Kevin Keene of Concord has been Cove-ing it since 2009. He’s also retrieved a couple of splash hits, and is getting a reputation for distinctive headgear, sometimes favoring an orange and black Dr. Seuss number and sometimes a furry buffalo head with horns. Mark Busch of San Jose has been coming since 2004, and has caught 6 splash hits, two by Giants, including one off the bat of Ryan Klesko. With four children, his goal is to get one Giants splash hit for each of his kids. Larry Ellison (no, not that one) is a ten-year veteran who has 9 splash hits. Hailing from Fairfield, Larry has fond memories of the legendary Bonds era. There’s Splash Hit Steve, with his sweatshirt reading “May all your hits be splash hits,” and Martin Wong, who runs a rafting website and is rarely seen without a camera in his hand.  Not much of a ball hawk, Marty is content to document as much of the action as he can.

On any given day, this corps of regulars are supplemented by an ongoing cast of crazies who show up on anything that will float…canoes, paddle boards, kid’s pool toys…whatever. Odd craft, such as an aluminum canoe with motorcycle fenders and a bicycle drivetrain, and a metallic half-sphere covered with blinking lights that frequents night games, meander through. Most of us get into the spirit of things with some sort of banner, headgear, sign or Giants swag. And as with any large gathering at which the media are present, there’s the inevitable self-promotion…one enterprising paddleboarder employed his dog to hold a sign promoting his tourist excursion business. Dogs are quite popular…especially small ones. And several resourceful types have built platforms on their kayaks to support a small barbecue. I was once generously offered a tasty chicken apple sausage right off the grill.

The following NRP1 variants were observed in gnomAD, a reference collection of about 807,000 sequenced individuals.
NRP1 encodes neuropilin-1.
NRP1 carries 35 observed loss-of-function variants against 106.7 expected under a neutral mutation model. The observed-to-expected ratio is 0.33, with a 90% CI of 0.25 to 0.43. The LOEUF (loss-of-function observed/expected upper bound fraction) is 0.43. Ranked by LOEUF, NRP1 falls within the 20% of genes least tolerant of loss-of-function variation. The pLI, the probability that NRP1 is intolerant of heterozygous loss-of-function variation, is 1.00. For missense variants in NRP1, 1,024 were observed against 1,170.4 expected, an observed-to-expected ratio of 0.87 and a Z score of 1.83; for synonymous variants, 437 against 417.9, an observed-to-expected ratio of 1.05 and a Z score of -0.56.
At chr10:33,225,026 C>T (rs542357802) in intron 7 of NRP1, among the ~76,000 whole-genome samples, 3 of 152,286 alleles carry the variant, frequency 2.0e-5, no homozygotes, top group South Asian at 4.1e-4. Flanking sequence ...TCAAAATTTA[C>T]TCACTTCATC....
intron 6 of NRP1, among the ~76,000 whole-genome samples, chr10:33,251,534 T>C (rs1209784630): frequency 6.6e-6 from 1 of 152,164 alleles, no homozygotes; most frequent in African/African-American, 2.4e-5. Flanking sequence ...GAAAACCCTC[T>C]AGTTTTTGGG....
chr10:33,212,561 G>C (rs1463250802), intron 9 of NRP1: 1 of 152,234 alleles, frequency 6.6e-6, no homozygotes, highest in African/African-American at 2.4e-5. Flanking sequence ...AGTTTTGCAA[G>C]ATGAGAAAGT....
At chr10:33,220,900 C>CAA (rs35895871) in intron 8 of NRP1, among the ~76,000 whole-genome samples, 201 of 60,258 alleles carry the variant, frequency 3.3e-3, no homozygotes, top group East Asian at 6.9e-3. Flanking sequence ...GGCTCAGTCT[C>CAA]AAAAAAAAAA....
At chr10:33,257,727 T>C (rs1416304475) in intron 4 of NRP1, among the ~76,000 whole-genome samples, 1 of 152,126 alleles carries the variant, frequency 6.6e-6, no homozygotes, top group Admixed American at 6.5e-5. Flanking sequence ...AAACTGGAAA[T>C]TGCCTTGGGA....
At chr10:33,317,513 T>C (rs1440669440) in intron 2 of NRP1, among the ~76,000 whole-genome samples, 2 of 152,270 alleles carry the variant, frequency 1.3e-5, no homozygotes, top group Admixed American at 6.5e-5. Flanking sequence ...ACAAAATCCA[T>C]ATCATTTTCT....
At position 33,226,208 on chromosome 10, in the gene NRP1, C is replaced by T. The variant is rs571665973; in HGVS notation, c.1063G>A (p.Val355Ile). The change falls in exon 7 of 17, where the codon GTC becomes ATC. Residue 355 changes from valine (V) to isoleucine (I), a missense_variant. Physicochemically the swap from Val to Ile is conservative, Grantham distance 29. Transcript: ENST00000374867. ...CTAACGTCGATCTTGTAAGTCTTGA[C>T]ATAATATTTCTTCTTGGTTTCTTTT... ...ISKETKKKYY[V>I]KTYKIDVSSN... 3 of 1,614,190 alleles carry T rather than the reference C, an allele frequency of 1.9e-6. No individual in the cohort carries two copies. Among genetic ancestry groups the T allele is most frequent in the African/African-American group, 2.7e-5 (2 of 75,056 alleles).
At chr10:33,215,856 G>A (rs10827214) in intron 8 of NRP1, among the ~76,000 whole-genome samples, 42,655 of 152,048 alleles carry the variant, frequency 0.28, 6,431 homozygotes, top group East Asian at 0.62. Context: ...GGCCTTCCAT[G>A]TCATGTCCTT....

The vibe is festive and then some. Many of the floaters anchor themselves to one of the buoys while others are happy to paddle around the Cove…always at the ready to maneuver into position should, say, Travis Ishikawa or Brandon Belt come to the plate. Everyone keeps at least one eye on the camera high up in the right field stands, and can tell when it’s trained on the Cove. People will wave whatever they have, whether it’s a paddle, a flag or a rally towel.

For the NLCS series, the SF Police sent a couple of their finest to the Cove on jet skis. Apparently they feel the need to protect the public safety, but in actuality, they mostly try to keep kayakers from paddling under the arcade, which I found out to my chagrin in Game 5, when I was summoned out from under the arcade and busted for not having a life jacket. I got a police escort back to Pier 40, from where I had to walk back to the arcade for the remainder of the game.

The World Series is coming back to the Cove, and it’s going to rock like it hasn’t done since Barry Bonds roamed the earth. Here’s hoping the winning hit makes a splash.